In 1962, the first St. Leonard’s half-way home in Canada opened its doors right here in Windsor, to welcome men who had spent time behind bars and needed a safe haven to make a clean start.
Anglican priest Thomas Neil Libby and his supporters shared a vision to help offenders rehabilitate at a time when ex-offenders were regarded as unfit and undeserving of any support. Neil Libby pioneered the halfway house movement in Canada and today there are hundreds of Community Based Residential Facilities (CBRF) or ‘halfway houses’ across the country.
Over 60 years later, St. Leonard’s House Windsor is a valuable member of this community and a leader in innovating ways to support incarcerated persons.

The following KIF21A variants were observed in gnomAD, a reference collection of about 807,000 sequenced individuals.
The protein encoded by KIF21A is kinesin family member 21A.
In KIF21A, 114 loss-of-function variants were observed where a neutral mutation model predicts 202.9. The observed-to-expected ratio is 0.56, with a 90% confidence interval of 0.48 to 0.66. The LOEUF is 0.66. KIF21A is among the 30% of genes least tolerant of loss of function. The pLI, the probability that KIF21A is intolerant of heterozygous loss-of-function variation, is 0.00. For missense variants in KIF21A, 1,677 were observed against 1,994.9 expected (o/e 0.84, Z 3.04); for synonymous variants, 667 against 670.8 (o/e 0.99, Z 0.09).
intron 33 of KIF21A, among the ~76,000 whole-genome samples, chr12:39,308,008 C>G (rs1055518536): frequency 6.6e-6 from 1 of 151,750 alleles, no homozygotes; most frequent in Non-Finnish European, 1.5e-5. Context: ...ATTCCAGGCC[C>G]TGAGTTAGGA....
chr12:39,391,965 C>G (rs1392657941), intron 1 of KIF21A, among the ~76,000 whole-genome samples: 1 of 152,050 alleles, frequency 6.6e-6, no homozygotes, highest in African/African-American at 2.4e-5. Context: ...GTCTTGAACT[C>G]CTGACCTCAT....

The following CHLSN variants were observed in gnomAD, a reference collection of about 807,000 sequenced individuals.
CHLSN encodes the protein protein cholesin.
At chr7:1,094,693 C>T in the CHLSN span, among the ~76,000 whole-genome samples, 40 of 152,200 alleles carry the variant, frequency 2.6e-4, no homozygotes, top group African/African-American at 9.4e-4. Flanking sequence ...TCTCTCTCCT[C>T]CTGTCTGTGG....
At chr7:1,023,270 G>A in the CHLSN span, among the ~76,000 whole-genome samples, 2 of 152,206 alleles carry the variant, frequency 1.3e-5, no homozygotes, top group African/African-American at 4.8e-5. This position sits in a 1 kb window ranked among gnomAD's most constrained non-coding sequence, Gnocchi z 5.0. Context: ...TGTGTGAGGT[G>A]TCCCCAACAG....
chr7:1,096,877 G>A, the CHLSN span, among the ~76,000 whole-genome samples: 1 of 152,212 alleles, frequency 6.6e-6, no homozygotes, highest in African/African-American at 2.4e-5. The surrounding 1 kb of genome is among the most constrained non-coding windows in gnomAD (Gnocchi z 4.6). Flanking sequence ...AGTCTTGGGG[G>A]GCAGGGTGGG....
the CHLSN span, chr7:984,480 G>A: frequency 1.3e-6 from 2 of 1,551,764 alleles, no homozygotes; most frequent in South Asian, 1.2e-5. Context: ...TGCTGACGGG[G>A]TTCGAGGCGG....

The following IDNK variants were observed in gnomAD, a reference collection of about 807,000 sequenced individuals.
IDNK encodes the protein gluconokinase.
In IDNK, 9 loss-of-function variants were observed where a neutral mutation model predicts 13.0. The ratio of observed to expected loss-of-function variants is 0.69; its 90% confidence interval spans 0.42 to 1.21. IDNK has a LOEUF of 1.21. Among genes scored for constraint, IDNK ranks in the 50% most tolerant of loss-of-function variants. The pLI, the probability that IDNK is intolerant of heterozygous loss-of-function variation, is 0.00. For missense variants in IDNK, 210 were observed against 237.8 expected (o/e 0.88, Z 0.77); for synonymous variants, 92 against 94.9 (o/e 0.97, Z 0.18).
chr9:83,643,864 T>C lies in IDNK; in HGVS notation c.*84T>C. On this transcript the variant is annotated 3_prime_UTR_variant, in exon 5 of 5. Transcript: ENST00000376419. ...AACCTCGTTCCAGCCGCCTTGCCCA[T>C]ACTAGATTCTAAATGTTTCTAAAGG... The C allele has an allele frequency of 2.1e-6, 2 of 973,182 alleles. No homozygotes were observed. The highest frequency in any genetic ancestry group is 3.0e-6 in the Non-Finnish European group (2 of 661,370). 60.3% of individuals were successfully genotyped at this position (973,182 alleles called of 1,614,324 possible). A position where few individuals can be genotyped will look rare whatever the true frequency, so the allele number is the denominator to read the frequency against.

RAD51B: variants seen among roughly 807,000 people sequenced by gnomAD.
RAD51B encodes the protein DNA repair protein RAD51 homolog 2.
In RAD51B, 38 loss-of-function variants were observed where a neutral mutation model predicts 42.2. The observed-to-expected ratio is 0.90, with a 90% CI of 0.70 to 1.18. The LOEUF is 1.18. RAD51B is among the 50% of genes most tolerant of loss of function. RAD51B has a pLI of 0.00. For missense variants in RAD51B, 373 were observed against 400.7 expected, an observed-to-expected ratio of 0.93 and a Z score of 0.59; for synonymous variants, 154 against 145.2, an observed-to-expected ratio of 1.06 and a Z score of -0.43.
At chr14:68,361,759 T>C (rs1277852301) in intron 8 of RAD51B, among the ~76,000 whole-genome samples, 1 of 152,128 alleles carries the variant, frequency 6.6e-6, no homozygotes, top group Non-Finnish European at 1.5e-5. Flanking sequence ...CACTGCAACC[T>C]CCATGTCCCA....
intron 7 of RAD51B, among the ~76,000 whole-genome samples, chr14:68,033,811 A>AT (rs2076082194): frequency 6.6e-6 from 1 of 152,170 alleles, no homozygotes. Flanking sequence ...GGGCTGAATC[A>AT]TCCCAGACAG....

Located in the heart of downtown Windsor, St. Leonard’s has intentionally kept a low profile to prevent residents from being singled out as they quietly re-build their lives. And yet, St. Leonard’s is much more than the bricks and mortar of a building. St. Leonard’s provides a place to live for those who have been in trouble with the law, and an opportunity to remove the stigma of being a former inmate through guidance, counseling, and understanding.
St. Leonard’s is an advocate for social and correctional reform, ensuring those who leave prison do not return to the community less able to live crime-free than when they left it.